Senator Slom states that during the briefing:

  • “I asked for the total number of paid employees, part and full time, and total cost. It was not available.
  • I confirmed that the Connector still has an ongoing contract with the failed national and Hawaii contractor, CGI, Inc. at a cost of more than $53 million.
  • Of the Federal grant of $204 million, the Connector has spent “about half” but I could not get specifics.
  • I asked how much was spent on advertising but was not given a total, only that advertising has expanded.
  • It is unlikely the Federal Government will extend or expand grants to the Hawaii Connector thus placing the burden on Hawaii taxpayers to make up additional costs.
  • Mr. Matsuda kept talking of the “complexities of the process,” but it is the Connector and added bureaucracy that makes it complex.
  • Mr. Matsuda said the Connector is changing to the “Kayak model” referring to the on line travel booking website. I told him I use that website which is easy and reliable and there is no complexity, no delay and no added cost.
  • I commented on the Small Business Health Options Program (SHOP) for small business and related how inefficient and dysfunctional it is and how small businesses are frustrated.
  • Mr. Matsuda noted changes in the law and application and I indicated that those changes and exceptions and waivers are from the Obama Administration and only help unions, big business and special interests, not small business or individuals.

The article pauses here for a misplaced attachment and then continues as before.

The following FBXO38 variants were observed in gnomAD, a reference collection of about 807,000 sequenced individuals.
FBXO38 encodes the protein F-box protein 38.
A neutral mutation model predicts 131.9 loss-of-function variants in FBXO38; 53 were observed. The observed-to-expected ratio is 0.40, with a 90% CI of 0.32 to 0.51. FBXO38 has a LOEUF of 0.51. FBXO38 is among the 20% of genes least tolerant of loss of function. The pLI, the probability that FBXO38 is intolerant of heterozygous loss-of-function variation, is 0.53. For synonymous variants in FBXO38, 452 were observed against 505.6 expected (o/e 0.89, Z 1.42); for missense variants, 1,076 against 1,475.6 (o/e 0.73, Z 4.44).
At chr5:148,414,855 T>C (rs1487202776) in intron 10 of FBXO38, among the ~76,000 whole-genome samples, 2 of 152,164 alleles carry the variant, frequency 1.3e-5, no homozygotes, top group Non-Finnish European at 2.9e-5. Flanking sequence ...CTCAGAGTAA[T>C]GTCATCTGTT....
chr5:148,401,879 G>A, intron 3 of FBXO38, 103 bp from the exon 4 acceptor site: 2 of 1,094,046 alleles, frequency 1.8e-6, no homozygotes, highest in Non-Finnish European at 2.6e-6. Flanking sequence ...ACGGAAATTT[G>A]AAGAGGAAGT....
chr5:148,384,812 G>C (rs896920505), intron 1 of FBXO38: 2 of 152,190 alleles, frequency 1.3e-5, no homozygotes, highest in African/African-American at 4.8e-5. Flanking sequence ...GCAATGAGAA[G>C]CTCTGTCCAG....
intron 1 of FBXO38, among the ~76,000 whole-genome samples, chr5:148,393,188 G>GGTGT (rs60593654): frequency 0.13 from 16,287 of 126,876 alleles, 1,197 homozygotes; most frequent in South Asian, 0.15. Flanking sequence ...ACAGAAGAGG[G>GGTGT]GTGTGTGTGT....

• Finally, I asked Mr. Matsuda what he felt about certain Legislators who are now proposing a state takeover of the non-profit Hawaii Connector. He was non-committal in response.”

Senator Slom says: “My conclusion is that this Connector was flawed fatally from the beginning, with an unrealistic business plan, and no change of personnel, tweaking or additional subsidies will solve its failures.

Because of the continued lack of information, I have sent a formal letter to Linda Rosen, head of the State Department of Health requesting more information.

If this information is not fully revealed, I will file a complaint with the U.S. Government Accounting Office (GAO) calling for a federal investigation of how our money was spent.”

*Note: in the aspe.hhs.gov March enrollment.pdf it now states on page 22 at (2): “We are no longer showing data on the total number of completed applications and total number of individuals applying for coverage in completed applications in this table because we believe that there is duplication in these metrics.”

[1] See Los Angeles Times article by Maeve Reston dated February 25, 2014: “Health Connector officials refused to provide The Times with the grant applications that Hawaii submitted to the federal government to justify the state’s federal funding, saying that the release of such information would create “a potential threat” by making public ideas that could put the state exchange at a competitive disadvantage with the private sector. (NP) The federal Centers for Medicare & Medicaid Services has also declined to discuss the Hawaii exchange. Despite requests from The Times beginning in early January, it has not released the state’s application for taxpayer dollars or its progress reports.